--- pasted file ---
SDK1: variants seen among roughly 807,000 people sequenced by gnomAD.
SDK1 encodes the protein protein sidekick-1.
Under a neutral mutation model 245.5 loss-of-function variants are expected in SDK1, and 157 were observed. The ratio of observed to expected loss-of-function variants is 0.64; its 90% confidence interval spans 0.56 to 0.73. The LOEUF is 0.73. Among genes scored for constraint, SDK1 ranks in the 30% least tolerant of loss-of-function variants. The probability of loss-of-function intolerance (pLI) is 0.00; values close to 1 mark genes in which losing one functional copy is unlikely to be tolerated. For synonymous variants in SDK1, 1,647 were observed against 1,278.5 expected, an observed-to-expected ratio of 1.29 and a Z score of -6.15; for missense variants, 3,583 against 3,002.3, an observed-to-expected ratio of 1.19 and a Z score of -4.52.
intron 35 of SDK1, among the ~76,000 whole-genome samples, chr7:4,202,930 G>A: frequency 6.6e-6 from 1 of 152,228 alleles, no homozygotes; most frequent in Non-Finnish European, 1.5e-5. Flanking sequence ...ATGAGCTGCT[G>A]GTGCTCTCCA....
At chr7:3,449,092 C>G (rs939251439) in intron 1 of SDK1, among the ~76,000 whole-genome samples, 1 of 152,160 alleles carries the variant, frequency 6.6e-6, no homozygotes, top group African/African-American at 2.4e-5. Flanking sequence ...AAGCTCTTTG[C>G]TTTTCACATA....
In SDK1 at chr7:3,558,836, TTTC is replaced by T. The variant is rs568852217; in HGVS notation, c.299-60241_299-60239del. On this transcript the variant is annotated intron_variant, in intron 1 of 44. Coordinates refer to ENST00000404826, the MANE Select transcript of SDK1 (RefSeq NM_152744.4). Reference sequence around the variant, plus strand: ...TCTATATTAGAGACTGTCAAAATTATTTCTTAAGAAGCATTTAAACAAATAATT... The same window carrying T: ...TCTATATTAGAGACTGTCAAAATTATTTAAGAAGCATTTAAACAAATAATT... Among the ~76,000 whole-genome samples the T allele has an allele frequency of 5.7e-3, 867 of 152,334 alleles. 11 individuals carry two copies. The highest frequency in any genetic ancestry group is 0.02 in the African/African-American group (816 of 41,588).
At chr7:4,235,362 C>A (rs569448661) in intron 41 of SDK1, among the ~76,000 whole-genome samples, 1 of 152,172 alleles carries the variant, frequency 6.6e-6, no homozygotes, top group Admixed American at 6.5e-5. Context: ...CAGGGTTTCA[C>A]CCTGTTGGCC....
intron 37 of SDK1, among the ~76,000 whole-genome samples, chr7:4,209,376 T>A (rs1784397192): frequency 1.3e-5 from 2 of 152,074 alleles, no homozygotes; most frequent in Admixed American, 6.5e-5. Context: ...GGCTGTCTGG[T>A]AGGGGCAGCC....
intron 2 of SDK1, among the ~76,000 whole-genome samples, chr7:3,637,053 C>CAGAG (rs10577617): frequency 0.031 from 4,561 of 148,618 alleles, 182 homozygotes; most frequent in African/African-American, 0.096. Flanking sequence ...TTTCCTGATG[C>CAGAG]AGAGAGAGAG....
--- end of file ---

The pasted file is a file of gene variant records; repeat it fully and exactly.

SDK1: variants seen among roughly 807,000 people sequenced by gnomAD.
SDK1 encodes the protein protein sidekick-1.
Under a neutral mutation model 245.5 loss-of-function variants are expected in SDK1, and 157 were observed. The ratio of observed to expected loss-of-function variants is 0.64; its 90% confidence interval spans 0.56 to 0.73. The LOEUF is 0.73. Among genes scored for constraint, SDK1 ranks in the 30% least tolerant of loss-of-function variants. The probability of loss-of-function intolerance (pLI) is 0.00; values close to 1 mark genes in which losing one functional copy is unlikely to be tolerated. For synonymous variants in SDK1, 1,647 were observed against 1,278.5 expected, an observed-to-expected ratio of 1.29 and a Z score of -6.15; for missense variants, 3,583 against 3,002.3, an observed-to-expected ratio of 1.19 and a Z score of -4.52.
intron 35 of SDK1, among the ~76,000 whole-genome samples, chr7:4,202,930 G>A: frequency 6.6e-6 from 1 of 152,228 alleles, no homozygotes; most frequent in Non-Finnish European, 1.5e-5. Flanking sequence ...ATGAGCTGCT[G>A]GTGCTCTCCA....
At chr7:3,449,092 C>G (rs939251439) in intron 1 of SDK1, among the ~76,000 whole-genome samples, 1 of 152,160 alleles carries the variant, frequency 6.6e-6, no homozygotes, top group African/African-American at 2.4e-5. Flanking sequence ...AAGCTCTTTG[C>G]TTTTCACATA....
In SDK1 at chr7:3,558,836, TTTC is replaced by T. The variant is rs568852217; in HGVS notation, c.299-60241_299-60239del. On this transcript the variant is annotated intron_variant, in intron 1 of 44. Coordinates refer to ENST00000404826, the MANE Select transcript of SDK1 (RefSeq NM_152744.4). Reference sequence around the variant, plus strand: ...TCTATATTAGAGACTGTCAAAATTATTTCTTAAGAAGCATTTAAACAAATAATT... The same window carrying T: ...TCTATATTAGAGACTGTCAAAATTATTTAAGAAGCATTTAAACAAATAATT... Among the ~76,000 whole-genome samples the T allele has an allele frequency of 5.7e-3, 867 of 152,334 alleles. 11 individuals carry two copies. The highest frequency in any genetic ancestry group is 0.02 in the African/African-American group (816 of 41,588).
At chr7:4,235,362 C>A (rs569448661) in intron 41 of SDK1, among the ~76,000 whole-genome samples, 1 of 152,172 alleles carries the variant, frequency 6.6e-6, no homozygotes, top group Admixed American at 6.5e-5. Context: ...CAGGGTTTCA[C>A]CCTGTTGGCC....
intron 37 of SDK1, among the ~76,000 whole-genome samples, chr7:4,209,376 T>A (rs1784397192): frequency 1.3e-5 from 2 of 152,074 alleles, no homozygotes; most frequent in Admixed American, 6.5e-5. Context: ...GGCTGTCTGG[T>A]AGGGGCAGCC....
intron 2 of SDK1, among the ~76,000 whole-genome samples, chr7:3,637,053 C>CAGAG (rs10577617): frequency 0.031 from 4,561 of 148,618 alleles, 182 homozygotes; most frequent in African/African-American, 0.096. Flanking sequence ...TTTCCTGATG[C>CAGAG]AGAGAGAGAG....